Attention Span 2009.05.05 (morning edition)

Happy Cinco de Mayo!!

Hackers Break Into Virginia Health Professions Database, Demand Ransom

Hackers last week broke into a Virginia state Web site used by pharmacists to track prescription drug abuse. They deleted records on more than 8 million patients and replaced the site's homepage with a ransom note demanding $10 million for the return of the records, according to a posting on Wikileaks.org, an online clearinghouse for leaked documents.

Wikileaks reports that the Web site for the Virginia Prescription Monitoring Program was defaced last week with a message claiming that the database of prescriptions had been bundled into an encrypted, password-protected file.

Hitachi Data Systems Enables Integrated Server-to-Storage Virtualization

Hitachi Data Systems Corporation, a wholly owned subsidiary of Hitachi, Ltd. (NYSE: HIT : ) and the only provider of Services Oriented Storage Solutions, today announced a new end-to-end server-to-storage virtualization initiative to drive efficiencies across virtualized environments. To support this strategy, Hitachi Data Systems also announced two important business continuity and disaster recovery solutions for virtual environments...

US needs 'digital warfare force'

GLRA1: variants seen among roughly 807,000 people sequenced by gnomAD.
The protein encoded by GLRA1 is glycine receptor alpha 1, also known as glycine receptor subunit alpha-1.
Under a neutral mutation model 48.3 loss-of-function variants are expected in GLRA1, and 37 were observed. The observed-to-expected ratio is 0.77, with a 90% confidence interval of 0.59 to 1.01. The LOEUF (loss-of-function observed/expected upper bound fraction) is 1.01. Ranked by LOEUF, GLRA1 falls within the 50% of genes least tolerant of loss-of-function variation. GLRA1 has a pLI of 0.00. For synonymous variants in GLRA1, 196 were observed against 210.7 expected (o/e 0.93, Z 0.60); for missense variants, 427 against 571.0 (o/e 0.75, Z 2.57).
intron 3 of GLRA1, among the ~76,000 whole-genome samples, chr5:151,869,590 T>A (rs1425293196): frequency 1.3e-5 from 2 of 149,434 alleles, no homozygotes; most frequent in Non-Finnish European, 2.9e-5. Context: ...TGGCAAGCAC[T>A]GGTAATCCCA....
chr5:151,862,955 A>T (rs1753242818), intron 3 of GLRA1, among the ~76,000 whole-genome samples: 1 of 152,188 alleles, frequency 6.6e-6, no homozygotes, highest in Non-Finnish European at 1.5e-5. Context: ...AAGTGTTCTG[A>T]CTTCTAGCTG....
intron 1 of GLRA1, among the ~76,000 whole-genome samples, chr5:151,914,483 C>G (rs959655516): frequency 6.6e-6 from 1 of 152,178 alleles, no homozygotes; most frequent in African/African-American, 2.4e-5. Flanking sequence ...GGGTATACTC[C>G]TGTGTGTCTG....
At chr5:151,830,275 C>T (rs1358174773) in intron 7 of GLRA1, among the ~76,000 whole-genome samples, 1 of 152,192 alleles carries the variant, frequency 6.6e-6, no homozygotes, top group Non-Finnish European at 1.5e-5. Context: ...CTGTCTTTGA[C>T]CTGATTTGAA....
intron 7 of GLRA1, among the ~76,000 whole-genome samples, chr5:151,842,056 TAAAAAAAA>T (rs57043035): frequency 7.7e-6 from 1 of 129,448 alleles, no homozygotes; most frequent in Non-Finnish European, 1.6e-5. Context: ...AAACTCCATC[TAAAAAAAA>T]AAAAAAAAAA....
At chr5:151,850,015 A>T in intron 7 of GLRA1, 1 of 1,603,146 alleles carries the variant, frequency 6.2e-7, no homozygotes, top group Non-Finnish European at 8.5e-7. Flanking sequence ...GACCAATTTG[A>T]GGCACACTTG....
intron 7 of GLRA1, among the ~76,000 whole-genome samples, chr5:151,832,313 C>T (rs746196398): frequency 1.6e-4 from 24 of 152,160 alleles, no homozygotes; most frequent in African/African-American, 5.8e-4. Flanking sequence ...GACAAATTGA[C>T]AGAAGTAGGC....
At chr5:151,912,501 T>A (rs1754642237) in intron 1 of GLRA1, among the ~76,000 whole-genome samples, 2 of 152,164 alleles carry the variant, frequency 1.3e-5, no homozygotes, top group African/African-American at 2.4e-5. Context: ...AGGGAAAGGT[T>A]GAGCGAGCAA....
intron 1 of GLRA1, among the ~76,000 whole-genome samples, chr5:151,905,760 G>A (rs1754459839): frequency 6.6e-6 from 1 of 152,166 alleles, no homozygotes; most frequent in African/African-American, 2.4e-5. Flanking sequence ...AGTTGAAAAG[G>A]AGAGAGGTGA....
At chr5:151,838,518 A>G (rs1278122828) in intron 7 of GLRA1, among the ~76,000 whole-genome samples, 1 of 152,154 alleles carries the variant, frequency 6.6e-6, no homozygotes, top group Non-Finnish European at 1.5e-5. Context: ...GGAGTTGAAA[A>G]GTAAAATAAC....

The BBC seems to have 'picked up' this theme. First there appeared a story about creating a botnet as an offensive weapon, posited by an un-official source (an ex-USAF officer). Now this story. This has the feel of a 'drum beat'. Someone, somewhere is going to break a story, or someone is letting out an 'official' version of a story. I noted the last line of the story: 'The US administration is due imminently to publish the results of a 60-day review on cyber-security ordered by President Obama.'

The US has set up specialised detachments dealing with IT problems

The head of America's National Security Agency says that America needs to build a digital warfare force for the future, according to reports.

Lt Gen Keith Alexander, who also heads the Pentagon's new Cyber Command, outlined his views in a report for the House Armed Services subcommittee.

The right not to get caught